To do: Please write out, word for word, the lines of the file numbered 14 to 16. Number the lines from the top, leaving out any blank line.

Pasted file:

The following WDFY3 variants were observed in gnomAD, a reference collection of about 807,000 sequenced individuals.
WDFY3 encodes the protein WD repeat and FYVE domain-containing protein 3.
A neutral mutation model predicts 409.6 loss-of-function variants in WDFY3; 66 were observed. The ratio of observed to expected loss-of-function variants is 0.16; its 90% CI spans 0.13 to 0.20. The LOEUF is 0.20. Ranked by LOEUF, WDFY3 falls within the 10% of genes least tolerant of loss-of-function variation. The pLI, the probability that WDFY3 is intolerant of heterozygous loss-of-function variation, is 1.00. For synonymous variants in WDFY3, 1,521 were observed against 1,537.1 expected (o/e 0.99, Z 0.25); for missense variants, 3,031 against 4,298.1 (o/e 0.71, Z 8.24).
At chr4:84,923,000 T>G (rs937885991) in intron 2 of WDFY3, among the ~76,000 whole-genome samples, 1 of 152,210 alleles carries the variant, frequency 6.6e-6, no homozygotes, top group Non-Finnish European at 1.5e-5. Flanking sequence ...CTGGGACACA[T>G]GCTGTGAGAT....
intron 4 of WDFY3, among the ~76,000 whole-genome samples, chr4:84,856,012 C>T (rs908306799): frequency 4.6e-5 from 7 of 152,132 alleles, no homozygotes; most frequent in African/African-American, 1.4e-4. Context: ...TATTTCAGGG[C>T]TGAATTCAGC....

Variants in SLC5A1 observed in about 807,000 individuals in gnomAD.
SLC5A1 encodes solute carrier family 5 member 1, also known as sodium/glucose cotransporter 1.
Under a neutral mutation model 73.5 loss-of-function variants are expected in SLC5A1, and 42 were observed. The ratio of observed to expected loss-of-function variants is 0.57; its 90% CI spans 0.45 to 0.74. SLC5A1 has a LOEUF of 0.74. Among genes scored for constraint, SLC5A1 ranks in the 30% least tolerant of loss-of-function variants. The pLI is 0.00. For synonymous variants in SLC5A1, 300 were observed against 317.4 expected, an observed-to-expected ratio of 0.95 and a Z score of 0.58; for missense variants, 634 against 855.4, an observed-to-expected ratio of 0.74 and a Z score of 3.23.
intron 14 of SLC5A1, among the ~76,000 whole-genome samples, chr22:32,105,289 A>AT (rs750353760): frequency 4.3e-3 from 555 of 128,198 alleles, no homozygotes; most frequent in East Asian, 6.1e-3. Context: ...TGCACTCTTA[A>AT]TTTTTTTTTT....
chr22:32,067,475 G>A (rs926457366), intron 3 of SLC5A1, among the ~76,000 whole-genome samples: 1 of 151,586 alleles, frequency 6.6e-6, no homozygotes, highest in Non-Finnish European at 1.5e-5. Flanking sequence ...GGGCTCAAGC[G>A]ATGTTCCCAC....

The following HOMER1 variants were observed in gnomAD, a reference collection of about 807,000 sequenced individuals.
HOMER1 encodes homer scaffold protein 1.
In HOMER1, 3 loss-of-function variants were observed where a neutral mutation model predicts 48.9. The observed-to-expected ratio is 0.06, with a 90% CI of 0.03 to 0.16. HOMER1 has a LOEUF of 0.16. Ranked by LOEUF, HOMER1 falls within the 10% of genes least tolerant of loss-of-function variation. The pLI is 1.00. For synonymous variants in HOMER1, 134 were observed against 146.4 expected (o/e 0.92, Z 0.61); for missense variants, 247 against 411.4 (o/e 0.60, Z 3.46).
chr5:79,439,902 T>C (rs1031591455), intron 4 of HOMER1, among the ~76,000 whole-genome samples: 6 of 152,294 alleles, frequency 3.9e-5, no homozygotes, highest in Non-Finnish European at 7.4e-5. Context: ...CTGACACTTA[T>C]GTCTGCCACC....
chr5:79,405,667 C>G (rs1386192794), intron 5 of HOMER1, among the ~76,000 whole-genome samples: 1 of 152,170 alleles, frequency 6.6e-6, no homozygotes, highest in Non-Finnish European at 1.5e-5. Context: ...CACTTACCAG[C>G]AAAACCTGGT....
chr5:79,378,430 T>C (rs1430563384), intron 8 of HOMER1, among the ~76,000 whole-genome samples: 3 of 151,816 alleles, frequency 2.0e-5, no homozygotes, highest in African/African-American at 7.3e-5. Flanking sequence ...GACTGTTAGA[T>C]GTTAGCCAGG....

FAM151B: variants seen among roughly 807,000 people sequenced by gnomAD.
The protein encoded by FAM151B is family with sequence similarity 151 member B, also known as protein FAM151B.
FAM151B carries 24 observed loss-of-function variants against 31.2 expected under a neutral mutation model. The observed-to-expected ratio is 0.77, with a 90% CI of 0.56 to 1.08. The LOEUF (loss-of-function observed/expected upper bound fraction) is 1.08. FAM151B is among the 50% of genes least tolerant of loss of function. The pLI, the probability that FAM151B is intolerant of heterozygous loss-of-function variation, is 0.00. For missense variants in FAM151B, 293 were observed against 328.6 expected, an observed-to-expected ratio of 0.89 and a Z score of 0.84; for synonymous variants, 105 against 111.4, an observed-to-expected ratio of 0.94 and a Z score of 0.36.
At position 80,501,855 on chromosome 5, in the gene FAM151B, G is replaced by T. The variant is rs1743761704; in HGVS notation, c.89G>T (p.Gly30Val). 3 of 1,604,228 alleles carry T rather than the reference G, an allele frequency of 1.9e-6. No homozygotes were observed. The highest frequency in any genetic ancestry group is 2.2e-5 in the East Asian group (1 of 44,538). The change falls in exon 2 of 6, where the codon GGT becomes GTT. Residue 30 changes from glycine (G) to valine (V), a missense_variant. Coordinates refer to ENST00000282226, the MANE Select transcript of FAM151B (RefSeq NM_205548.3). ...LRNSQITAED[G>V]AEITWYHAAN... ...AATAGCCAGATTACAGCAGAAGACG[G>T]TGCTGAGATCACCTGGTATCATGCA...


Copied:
chr5:79,439,902 T>C (rs1031591455), intron 4 of HOMER1, among the ~76,000 whole-genome samples: 6 of 152,294 alleles, frequency 3.9e-5, no homozygotes, highest in Non-Finnish European at 7.4e-5. Context: ...CTGACACTTA[T>C]GTCTGCCACC....
chr5:79,405,667 C>G (rs1386192794), intron 5 of HOMER1, among the ~76,000 whole-genome samples: 1 of 152,170 alleles, frequency 6.6e-6, no homozygotes, highest in Non-Finnish European at 1.5e-5. Context: ...CACTTACCAG[C>G]AAAACCTGGT....
chr5:79,378,430 T>C (rs1430563384), intron 8 of HOMER1, among the ~76,000 whole-genome samples: 3 of 151,816 alleles, frequency 2.0e-5, no homozygotes, highest in African/African-American at 7.3e-5. Flanking sequence ...GACTGTTAGA[T>C]GTTAGCCAGG....